One of the most difficult challenges for community college leaders is finding ways to adjust to changes that occur off campus — the budget, the economy, shifting employment and job-training needs. The list goes on.
How to succeed in a climate of seamlessly endless change was just one of the topics discussed last week by current and aspiring community college leaders at the American Association of Community Colleges John E. Roueche Future Leaders Institute (FLI) in Washington, D.C.
In advance of FLI, Community College Daily reporter Ellie Ashford talked with community college presidents as part of an occasional series about the challenges of leadership. What follows is an excerpt from that series.
“Every president I’ve ever talked to is facing a rapidly changing environment in higher education,” says Stephen Schoonmaker, president of the College of the Ouachitas (COTO) in Arkansas.
“The needs of our communities, our employers, our businesses and industries are more fluid, and the pace is quite fast,” Schoonmaker says. ”The beauty of community colleges is that we’re nimble. But it still takes time.”
Community college presidents can best respond to the changing climate by being good listeners, learning what skill sets business and industry needs, and bringing those skill sets into the classroom, he says.
“Change is happening whether we want it or not,” adds Joe Schaffer, president of Laramie County Community College (LCCC) in Wyoming. He says much of it stems from the pressure to increase completion rates and all the related issues, such as how to allocate limited resources and how to measure a college’s performance.
“How we navigate that changing climate is incredibly complex,” he says.
Schaffer, who spoke to participants at last week’s FLI about the challenges of managing change, recalls his time at the institute as an invaluable step in learning to be an effective CEO and having the opportunity to get to know other community college leaders.
Change management is especially challenging in the context of the diffuse decision-making style that’s taken hold in higher education, he says. When everyone has a say in governance issues, “you tend to land on the status quo whether you want to or not.” To move beyond the status quo, “a president needs to make difficult decisions that not everyone will support,” Schaffer says.
“You have to be willing to go through some difficult times to achieve improvements. That’s where calculated risk comes in,” he says. “What are the things you’re willing to lose your job over? Those are the things to work on.”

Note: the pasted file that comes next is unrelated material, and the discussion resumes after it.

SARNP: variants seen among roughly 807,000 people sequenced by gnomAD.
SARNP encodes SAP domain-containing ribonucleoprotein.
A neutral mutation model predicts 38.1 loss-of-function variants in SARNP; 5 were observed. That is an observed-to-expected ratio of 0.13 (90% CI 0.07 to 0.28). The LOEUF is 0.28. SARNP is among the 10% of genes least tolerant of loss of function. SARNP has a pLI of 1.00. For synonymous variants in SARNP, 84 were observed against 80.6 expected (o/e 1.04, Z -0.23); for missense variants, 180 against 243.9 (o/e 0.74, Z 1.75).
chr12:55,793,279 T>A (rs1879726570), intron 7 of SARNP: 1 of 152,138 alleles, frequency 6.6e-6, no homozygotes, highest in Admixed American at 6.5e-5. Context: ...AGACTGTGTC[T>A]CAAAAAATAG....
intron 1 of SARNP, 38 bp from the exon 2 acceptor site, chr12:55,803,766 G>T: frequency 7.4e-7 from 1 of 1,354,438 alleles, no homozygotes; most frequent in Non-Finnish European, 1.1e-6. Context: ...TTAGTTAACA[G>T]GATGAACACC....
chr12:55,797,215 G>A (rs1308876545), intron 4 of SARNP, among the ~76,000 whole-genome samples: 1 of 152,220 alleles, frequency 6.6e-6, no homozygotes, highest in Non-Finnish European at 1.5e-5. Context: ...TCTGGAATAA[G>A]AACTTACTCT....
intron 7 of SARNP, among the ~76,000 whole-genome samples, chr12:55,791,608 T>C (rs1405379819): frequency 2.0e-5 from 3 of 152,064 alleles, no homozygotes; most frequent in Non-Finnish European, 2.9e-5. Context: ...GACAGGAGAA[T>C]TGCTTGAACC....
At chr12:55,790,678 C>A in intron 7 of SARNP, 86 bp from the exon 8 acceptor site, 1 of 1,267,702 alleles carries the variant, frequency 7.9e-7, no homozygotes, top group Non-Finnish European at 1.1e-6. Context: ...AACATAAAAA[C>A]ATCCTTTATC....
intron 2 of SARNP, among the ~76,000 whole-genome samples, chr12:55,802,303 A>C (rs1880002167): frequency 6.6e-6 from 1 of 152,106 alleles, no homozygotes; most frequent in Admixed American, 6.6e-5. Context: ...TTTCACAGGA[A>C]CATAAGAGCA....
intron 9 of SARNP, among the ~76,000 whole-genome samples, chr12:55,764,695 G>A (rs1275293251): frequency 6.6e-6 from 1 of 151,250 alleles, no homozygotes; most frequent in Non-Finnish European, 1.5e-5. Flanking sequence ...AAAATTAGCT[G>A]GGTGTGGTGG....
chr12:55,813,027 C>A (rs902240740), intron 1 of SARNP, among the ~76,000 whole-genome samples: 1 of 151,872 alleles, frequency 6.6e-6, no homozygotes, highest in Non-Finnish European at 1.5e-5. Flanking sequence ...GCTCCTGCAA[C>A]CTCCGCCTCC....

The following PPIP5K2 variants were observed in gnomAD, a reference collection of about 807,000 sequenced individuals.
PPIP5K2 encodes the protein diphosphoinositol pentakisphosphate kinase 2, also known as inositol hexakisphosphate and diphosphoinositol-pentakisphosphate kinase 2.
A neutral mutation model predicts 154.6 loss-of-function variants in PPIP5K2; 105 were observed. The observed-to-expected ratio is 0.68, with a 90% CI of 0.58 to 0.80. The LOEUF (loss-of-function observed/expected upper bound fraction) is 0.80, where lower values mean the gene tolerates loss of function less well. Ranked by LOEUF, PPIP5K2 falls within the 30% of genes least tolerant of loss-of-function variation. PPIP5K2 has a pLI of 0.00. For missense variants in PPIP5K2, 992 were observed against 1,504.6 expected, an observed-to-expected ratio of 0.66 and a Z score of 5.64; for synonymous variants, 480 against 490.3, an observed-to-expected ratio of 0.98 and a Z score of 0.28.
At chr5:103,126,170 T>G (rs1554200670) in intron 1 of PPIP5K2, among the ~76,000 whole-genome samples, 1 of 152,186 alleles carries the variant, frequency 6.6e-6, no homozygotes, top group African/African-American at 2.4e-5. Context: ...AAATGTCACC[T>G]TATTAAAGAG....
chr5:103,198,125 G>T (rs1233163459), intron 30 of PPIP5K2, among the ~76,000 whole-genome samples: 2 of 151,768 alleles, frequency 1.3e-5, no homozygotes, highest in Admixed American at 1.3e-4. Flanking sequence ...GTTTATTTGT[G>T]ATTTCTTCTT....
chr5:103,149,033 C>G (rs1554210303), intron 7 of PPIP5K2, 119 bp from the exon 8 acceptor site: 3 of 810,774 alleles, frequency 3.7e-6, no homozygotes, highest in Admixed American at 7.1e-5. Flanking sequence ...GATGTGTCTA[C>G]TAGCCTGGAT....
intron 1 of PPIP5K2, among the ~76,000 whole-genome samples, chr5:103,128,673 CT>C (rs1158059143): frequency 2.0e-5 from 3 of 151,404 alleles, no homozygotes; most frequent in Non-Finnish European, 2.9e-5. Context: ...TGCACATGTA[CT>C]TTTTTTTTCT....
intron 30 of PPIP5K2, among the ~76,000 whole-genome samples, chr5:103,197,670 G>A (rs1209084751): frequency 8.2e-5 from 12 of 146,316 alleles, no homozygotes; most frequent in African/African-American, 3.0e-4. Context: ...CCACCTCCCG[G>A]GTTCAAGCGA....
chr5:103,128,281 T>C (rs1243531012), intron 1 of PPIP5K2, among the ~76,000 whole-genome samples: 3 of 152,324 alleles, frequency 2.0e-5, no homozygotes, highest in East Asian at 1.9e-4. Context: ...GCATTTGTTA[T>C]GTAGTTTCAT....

Research showed that a mandatory freshman success class would be a worthwhile investment, so that’s being implemented at LCCC despite some concerns from faculty. Adding a three-credit course means the college will have to cut credits elsewhere, but he believes it will pay off in higher success rates.
LCCC is also adopting recommendations from Complete College America that call for more coherent, structured instructional programs with fewer electives with the goal of ensuring more students stay on track to graduation.
“Making that decision may lose us some immediate political capital with the faculty,” Schaffer says, “but you have to hope they will see the benefit later when more students persist.”
A long-term commitment
Managing change is especially challenging in higher education.
“Higher education is a complex animal for a variety of reasons. Community colleges have long been focused on access,” Schaffer says. “We’ve left it up to students to figure out what we wanted them to learn. Changing that mindset is like turning around an aircraft carrier.”
Another challenge comes from an increase in federal requirements. “We’re not producing widgets. We’re talking about trying to change human behavior,” he says. “Actually being able to measure how effective you are in changing human behavior is incredibly complex.”
Responding to these issues can’t happen overnight — or in three or four years. That’s why Schaffer urges his colleagues to “buck the trend of the revolving-door presidency.”
Presidents need to stay in one place long enough to accomplish real change, he says. “We know what needs to be done. We have the research. Leaders need to think about how much they’re willing to push to get it done.”
Despite the challenges of being a community college president in today’s environment, he says, “There are very few occupations in today’s world that bring a greater value to society. Community colleges are a good place to be.”
For more leadership advice, read the full article.